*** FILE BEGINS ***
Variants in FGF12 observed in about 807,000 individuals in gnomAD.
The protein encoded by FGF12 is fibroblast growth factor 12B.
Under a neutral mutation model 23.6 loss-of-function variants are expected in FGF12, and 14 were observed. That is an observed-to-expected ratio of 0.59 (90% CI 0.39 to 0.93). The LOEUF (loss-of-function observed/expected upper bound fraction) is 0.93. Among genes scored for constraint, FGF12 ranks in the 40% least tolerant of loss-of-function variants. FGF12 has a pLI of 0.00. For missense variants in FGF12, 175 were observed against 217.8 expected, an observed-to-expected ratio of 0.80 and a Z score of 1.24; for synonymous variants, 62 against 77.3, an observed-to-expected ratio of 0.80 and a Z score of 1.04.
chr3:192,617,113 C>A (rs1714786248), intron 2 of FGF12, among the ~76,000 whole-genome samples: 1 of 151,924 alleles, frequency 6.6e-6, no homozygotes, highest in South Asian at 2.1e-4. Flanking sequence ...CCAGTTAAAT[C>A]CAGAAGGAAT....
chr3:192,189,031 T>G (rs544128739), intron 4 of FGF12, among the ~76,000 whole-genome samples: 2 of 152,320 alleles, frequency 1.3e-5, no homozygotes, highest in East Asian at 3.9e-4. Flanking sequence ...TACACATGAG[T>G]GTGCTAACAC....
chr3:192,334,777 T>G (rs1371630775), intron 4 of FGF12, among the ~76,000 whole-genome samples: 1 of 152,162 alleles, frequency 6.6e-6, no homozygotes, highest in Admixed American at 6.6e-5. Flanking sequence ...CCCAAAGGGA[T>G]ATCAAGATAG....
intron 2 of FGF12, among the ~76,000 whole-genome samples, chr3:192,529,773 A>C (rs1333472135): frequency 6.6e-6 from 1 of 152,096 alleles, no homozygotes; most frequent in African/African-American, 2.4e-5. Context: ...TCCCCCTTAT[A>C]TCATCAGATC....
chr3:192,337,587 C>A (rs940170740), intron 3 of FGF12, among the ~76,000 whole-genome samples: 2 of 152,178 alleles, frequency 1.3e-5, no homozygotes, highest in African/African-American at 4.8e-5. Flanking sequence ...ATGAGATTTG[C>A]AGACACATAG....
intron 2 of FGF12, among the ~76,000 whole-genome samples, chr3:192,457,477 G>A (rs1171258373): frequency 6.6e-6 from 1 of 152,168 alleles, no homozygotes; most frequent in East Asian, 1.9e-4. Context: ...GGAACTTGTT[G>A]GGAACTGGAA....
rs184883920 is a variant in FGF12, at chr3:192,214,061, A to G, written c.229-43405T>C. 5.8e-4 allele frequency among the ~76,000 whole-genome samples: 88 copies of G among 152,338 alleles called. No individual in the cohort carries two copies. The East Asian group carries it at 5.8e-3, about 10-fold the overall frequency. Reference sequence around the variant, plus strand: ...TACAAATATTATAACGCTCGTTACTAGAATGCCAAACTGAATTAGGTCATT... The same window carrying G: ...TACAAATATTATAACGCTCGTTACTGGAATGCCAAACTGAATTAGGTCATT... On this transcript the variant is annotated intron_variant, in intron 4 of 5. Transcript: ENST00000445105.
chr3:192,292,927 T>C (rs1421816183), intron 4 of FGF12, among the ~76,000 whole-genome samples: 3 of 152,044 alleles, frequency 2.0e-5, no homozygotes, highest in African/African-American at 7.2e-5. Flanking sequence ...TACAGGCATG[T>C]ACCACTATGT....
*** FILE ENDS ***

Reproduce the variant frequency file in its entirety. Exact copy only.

Variants in FGF12 observed in about 807,000 individuals in gnomAD.
The protein encoded by FGF12 is fibroblast growth factor 12B.
Under a neutral mutation model 23.6 loss-of-function variants are expected in FGF12, and 14 were observed. That is an observed-to-expected ratio of 0.59 (90% CI 0.39 to 0.93). The LOEUF (loss-of-function observed/expected upper bound fraction) is 0.93. Among genes scored for constraint, FGF12 ranks in the 40% least tolerant of loss-of-function variants. FGF12 has a pLI of 0.00. For missense variants in FGF12, 175 were observed against 217.8 expected, an observed-to-expected ratio of 0.80 and a Z score of 1.24; for synonymous variants, 62 against 77.3, an observed-to-expected ratio of 0.80 and a Z score of 1.04.
chr3:192,617,113 C>A (rs1714786248), intron 2 of FGF12, among the ~76,000 whole-genome samples: 1 of 151,924 alleles, frequency 6.6e-6, no homozygotes, highest in South Asian at 2.1e-4. Flanking sequence ...CCAGTTAAAT[C>A]CAGAAGGAAT....
chr3:192,189,031 T>G (rs544128739), intron 4 of FGF12, among the ~76,000 whole-genome samples: 2 of 152,320 alleles, frequency 1.3e-5, no homozygotes, highest in East Asian at 3.9e-4. Flanking sequence ...TACACATGAG[T>G]GTGCTAACAC....
chr3:192,334,777 T>G (rs1371630775), intron 4 of FGF12, among the ~76,000 whole-genome samples: 1 of 152,162 alleles, frequency 6.6e-6, no homozygotes, highest in Admixed American at 6.6e-5. Flanking sequence ...CCCAAAGGGA[T>G]ATCAAGATAG....
intron 2 of FGF12, among the ~76,000 whole-genome samples, chr3:192,529,773 A>C (rs1333472135): frequency 6.6e-6 from 1 of 152,096 alleles, no homozygotes; most frequent in African/African-American, 2.4e-5. Context: ...TCCCCCTTAT[A>C]TCATCAGATC....
chr3:192,337,587 C>A (rs940170740), intron 3 of FGF12, among the ~76,000 whole-genome samples: 2 of 152,178 alleles, frequency 1.3e-5, no homozygotes, highest in African/African-American at 4.8e-5. Flanking sequence ...ATGAGATTTG[C>A]AGACACATAG....
intron 2 of FGF12, among the ~76,000 whole-genome samples, chr3:192,457,477 G>A (rs1171258373): frequency 6.6e-6 from 1 of 152,168 alleles, no homozygotes; most frequent in East Asian, 1.9e-4. Context: ...GGAACTTGTT[G>A]GGAACTGGAA....
rs184883920 is a variant in FGF12, at chr3:192,214,061, A to G, written c.229-43405T>C. 5.8e-4 allele frequency among the ~76,000 whole-genome samples: 88 copies of G among 152,338 alleles called. No individual in the cohort carries two copies. The East Asian group carries it at 5.8e-3, about 10-fold the overall frequency. Reference sequence around the variant, plus strand: ...TACAAATATTATAACGCTCGTTACTAGAATGCCAAACTGAATTAGGTCATT... The same window carrying G: ...TACAAATATTATAACGCTCGTTACTGGAATGCCAAACTGAATTAGGTCATT... On this transcript the variant is annotated intron_variant, in intron 4 of 5. Transcript: ENST00000445105.
chr3:192,292,927 T>C (rs1421816183), intron 4 of FGF12, among the ~76,000 whole-genome samples: 3 of 152,044 alleles, frequency 2.0e-5, no homozygotes, highest in African/African-American at 7.2e-5. Flanking sequence ...TACAGGCATG[T>C]ACCACTATGT....